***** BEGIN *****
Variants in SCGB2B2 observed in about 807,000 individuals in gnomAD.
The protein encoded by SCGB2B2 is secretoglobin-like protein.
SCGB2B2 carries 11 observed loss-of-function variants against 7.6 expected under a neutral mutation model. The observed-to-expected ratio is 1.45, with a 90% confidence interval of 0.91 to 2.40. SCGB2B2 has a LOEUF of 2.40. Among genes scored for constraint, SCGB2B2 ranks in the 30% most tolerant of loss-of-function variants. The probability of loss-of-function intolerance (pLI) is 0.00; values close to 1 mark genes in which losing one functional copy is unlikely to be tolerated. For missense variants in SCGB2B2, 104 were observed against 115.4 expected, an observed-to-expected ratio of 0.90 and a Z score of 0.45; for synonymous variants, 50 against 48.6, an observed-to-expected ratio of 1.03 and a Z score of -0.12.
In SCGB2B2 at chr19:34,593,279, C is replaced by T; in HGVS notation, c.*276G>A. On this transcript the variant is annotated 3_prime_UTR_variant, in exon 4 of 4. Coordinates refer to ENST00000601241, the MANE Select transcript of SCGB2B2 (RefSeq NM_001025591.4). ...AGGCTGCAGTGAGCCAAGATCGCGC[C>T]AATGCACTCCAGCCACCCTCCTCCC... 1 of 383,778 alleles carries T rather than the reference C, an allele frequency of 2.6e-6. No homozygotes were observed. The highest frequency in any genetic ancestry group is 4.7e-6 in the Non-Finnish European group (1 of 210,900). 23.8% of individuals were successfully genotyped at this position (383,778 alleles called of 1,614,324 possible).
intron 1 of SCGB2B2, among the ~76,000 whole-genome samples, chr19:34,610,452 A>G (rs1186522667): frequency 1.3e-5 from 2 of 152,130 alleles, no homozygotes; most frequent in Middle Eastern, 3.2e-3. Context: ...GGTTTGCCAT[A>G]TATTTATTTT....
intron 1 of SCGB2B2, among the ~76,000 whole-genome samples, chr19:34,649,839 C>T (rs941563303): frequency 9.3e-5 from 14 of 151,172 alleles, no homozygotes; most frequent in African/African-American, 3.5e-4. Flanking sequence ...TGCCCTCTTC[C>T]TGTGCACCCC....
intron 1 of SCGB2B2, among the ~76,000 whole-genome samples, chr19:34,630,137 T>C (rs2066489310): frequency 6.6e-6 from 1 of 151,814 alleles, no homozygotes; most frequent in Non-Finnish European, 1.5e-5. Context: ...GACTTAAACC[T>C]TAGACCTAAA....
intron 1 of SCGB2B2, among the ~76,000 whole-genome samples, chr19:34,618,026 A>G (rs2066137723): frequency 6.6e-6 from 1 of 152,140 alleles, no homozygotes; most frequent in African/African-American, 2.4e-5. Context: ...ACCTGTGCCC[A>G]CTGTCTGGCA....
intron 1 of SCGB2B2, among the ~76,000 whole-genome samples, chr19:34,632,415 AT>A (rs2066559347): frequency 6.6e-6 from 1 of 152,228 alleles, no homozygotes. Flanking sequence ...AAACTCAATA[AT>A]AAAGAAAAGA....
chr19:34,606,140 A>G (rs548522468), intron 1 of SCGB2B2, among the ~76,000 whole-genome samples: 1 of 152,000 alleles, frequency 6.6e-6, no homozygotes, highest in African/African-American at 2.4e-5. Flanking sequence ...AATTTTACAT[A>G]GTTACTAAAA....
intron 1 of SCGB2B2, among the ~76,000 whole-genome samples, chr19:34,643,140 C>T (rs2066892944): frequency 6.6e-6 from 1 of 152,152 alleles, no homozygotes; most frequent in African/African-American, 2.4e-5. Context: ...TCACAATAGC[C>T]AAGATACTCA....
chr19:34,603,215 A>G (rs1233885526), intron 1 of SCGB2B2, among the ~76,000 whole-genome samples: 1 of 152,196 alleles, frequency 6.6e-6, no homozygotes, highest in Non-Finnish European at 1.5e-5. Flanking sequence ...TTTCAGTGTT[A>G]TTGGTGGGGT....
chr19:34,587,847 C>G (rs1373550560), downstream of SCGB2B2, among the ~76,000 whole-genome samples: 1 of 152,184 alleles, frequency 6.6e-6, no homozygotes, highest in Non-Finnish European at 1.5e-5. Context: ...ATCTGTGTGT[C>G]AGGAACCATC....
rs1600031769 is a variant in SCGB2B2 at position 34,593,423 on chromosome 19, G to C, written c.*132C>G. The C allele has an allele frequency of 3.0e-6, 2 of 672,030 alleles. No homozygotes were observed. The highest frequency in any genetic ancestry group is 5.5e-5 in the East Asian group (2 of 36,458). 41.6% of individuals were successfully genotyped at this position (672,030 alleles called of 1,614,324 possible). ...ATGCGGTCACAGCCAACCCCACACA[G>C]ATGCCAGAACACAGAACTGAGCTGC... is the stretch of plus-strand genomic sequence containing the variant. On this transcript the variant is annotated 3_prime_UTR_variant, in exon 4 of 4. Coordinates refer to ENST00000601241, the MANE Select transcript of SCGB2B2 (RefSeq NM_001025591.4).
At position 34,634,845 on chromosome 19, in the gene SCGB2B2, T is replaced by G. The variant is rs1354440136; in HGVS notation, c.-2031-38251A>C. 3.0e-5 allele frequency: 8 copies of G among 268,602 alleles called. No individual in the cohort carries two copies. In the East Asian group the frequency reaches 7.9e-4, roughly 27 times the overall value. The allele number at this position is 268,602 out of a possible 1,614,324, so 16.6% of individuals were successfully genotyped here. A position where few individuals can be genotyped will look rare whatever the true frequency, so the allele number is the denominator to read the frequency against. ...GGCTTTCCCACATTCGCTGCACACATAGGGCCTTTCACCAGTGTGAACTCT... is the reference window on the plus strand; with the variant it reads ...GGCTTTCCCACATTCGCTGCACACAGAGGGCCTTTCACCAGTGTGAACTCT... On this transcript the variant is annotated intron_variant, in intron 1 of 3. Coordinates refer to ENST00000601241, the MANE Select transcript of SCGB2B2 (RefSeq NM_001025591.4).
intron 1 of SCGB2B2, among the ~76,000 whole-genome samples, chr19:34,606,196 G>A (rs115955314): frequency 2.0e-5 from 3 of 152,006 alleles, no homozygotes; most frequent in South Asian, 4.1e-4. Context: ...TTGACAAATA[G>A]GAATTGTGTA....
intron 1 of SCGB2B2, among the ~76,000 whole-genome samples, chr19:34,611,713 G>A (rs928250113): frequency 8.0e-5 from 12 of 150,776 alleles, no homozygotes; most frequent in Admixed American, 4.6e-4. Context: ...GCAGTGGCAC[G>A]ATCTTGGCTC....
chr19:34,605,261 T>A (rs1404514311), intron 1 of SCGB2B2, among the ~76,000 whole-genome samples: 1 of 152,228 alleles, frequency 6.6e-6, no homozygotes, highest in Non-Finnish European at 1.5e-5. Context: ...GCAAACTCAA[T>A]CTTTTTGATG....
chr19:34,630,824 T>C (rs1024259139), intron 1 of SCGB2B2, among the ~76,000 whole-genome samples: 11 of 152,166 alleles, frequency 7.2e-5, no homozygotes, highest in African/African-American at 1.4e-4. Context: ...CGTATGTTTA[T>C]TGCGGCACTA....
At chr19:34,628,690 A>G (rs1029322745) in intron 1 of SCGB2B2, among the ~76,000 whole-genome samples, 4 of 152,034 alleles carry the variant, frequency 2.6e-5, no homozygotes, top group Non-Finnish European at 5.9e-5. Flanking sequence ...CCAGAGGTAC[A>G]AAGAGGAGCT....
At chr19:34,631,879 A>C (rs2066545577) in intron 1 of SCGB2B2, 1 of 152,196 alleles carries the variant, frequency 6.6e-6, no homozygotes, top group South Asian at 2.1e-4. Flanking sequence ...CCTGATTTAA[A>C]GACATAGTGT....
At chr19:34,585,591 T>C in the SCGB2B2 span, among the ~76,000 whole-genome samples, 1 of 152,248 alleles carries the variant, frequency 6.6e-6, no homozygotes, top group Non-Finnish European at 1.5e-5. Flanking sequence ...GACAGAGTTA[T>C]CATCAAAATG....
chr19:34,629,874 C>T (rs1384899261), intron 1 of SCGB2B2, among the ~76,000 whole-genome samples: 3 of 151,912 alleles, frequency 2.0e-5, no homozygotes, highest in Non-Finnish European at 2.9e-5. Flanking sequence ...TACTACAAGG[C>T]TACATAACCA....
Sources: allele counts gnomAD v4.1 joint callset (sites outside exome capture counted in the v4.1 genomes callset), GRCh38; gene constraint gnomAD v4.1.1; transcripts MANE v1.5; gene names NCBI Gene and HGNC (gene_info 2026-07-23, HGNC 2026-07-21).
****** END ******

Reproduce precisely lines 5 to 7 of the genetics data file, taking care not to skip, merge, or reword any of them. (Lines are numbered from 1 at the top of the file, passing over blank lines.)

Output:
intron 1 of SCGB2B2, among the ~76,000 whole-genome samples, chr19:34,610,452 A>G (rs1186522667): frequency 1.3e-5 from 2 of 152,130 alleles, no homozygotes; most frequent in Middle Eastern, 3.2e-3. Context: ...GGTTTGCCAT[A>G]TATTTATTTT....
intron 1 of SCGB2B2, among the ~76,000 whole-genome samples, chr19:34,649,839 C>T (rs941563303): frequency 9.3e-5 from 14 of 151,172 alleles, no homozygotes; most frequent in African/African-American, 3.5e-4. Flanking sequence ...TGCCCTCTTC[C>T]TGTGCACCCC....
intron 1 of SCGB2B2, among the ~76,000 whole-genome samples, chr19:34,630,137 T>C (rs2066489310): frequency 6.6e-6 from 1 of 151,814 alleles, no homozygotes; most frequent in Non-Finnish European, 1.5e-5. Context: ...GACTTAAACC[T>C]TAGACCTAAA....